May 30, 2011

Related Links

More Links

Terps Win as a Team, Lose as a Program

by Paul Ohanian | LaxMagazine.com | NCAA Championship Game Blog Replay


Maryland players console each other Monday following their 9-7 NCAA championship game loss to Virginia.

And so it continues.

The most infamous championship drought in college lacrosse just got a year older. Maryland, one of the game's so-called traditional powers, has now gone 36 years since winning its last national championship. Who could have possibly guessed that after the Terps claimed their second NCAA title in three years with their win over Navy in the 1975 final?

The Terps have come close a number of times during the previous 36 years, but circumstances always seem to conspire against them. There were runner-up finishes in 1976, 1979 and three more during a four-year stretch in the 1990s. Each time, they had to stand aside after the handshakes to watch their opponent hoist the walnut and bronze NCAA trophy. To add insult to injury, two of those championship game losses came on their home turf at Byrd Stadium.

The stars seemed to align this time around. A strong senior class provided leadership on and off the field. A resilient attitude carried Maryland through a season of ups and downs. And the championship was being played in Baltimore before a lopsided, pro-Terrapin crowd.

The names and faces have changed through the years, but the sad history continues. The figurative champagne remains on ice.

First-year coach John Tillman now knows the same heartache experienced by predecessors Dino Mattessich, Dick Edell and Dave Cottle through the years. Two of them were at M&T Bank Stadium on Monday, hoping to see the Terps put an end to the streak.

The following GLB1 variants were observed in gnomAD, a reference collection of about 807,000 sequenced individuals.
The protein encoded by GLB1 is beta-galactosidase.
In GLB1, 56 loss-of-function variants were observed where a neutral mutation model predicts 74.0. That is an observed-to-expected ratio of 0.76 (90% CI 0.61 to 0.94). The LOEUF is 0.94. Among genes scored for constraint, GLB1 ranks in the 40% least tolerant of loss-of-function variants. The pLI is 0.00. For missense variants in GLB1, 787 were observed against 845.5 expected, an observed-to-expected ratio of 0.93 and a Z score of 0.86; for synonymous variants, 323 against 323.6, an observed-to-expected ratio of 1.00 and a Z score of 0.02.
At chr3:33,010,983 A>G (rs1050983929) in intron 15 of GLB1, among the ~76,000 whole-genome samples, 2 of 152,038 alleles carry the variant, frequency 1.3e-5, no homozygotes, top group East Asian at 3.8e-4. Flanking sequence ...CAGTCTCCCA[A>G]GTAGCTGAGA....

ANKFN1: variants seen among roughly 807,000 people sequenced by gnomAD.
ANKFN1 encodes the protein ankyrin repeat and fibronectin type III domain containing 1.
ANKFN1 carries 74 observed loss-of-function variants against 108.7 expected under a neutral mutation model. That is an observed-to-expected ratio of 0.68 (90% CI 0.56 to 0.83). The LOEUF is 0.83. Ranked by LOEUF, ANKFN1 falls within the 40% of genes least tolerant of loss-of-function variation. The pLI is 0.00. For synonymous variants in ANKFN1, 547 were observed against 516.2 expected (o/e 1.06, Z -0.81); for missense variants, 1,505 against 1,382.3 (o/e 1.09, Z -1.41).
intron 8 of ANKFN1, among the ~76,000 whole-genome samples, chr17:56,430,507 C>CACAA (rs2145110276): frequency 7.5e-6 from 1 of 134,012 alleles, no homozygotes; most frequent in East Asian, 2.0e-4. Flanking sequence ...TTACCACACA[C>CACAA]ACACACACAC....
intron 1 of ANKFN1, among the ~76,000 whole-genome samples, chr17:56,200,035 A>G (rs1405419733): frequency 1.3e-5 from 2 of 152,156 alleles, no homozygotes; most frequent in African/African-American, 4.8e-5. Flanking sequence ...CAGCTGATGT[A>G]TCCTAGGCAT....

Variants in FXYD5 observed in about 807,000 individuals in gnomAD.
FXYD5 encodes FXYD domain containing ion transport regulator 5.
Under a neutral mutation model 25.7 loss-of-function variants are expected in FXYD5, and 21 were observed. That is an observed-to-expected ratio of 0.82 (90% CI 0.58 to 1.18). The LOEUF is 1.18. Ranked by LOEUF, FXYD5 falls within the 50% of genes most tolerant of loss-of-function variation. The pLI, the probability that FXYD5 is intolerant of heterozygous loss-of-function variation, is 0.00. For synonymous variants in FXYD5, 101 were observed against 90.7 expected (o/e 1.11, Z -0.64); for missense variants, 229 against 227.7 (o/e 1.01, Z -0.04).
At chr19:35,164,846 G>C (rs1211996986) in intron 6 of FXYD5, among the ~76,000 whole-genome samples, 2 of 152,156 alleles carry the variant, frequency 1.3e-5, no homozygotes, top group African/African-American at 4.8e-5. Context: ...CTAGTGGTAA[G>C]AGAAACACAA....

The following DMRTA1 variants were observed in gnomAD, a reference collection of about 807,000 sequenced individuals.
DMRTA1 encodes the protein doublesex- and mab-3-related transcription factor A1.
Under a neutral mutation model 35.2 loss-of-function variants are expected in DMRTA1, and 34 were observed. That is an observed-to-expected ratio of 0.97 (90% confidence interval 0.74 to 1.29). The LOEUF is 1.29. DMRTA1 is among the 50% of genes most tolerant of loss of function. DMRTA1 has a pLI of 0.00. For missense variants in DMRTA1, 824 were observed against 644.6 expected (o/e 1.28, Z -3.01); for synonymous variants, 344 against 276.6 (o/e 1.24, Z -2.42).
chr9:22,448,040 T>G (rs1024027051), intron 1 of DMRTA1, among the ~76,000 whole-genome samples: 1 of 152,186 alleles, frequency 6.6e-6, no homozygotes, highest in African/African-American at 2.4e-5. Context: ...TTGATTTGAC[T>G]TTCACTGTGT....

Seventeen seniors walked off the field Monday feeling the same agony that so many other seniors have also known following their final games. Did former standouts Joe Walters, Bill McGlone, Dan Groot and Mike Mollet share Ryan Young's hurt Monday?

For that matter, did the Ritz brothers, Alford brothers, Healy brothers and Phipps brothers feel the pain of the Byles and Bernhardts? It's still a brotherhood, right?

You wish Bob Boneillo, Peter Worstell, Jim Wilkerson or Brandon Hanley had just the right words to sooth Grant Catalino's hurt. Once a team scoring leader, always a team scoring leader.

You wonder if past faceoff specialists like Todd Ensor, Andy Claxton, Brian Haggerty and Brian Carroll are thinking about Curtis Holmes right now? Nobody understands the grunts at the "X" better than each other.

Will prior cage stalwarts Kevin O'Leary, Brian Dougherty, Pat McGinnis and Danny McCormick share this moment with Niko Amato? Will one of them tell him that he did all he could to get his team over the hump, and that he will have another chance next year?

Will Joe Cinosky, Brian Reese or Michael Howley have the right words to ease Brett Schmidt's frustrations after holding a national player of the year candidate virtually scoreless in the biggest game of the year and still coming up just short?

Will Jim Beardmore, Rob Chomo, Andrew Whipple or Matt Hahn help lift Joe Cummings, who would gladly trade individual honors like an All-ACC selection for the ultimate team prize?

You wonder if athletics director Kevin Anderson will get calls of empathy from Lew Perkins, Andy Geiger or Dick Dull. Maybe they'll all get together at some point to lament the one that got away. You wonder if somebody will remember to invite Debbie Yow.

The 2011 Terrapins wanted to win this title themselves, no doubt, but also for so many of these other alums who have travelled down the same path. Tillman said as much following the game.

"It wasn't just about them," he said. "We wanted to do it for all those guys who came before us.

"We didn't look at [the streak] as looming over our heads. We looked at it as, 'We want to do something special for some other people.' And that speaks volumes for the character of our guys."

And so it continues. Terrapin Nation turns to a familiar refrain after another yet another heartbreak.

Wait 'til next year.


comments powered by Disqus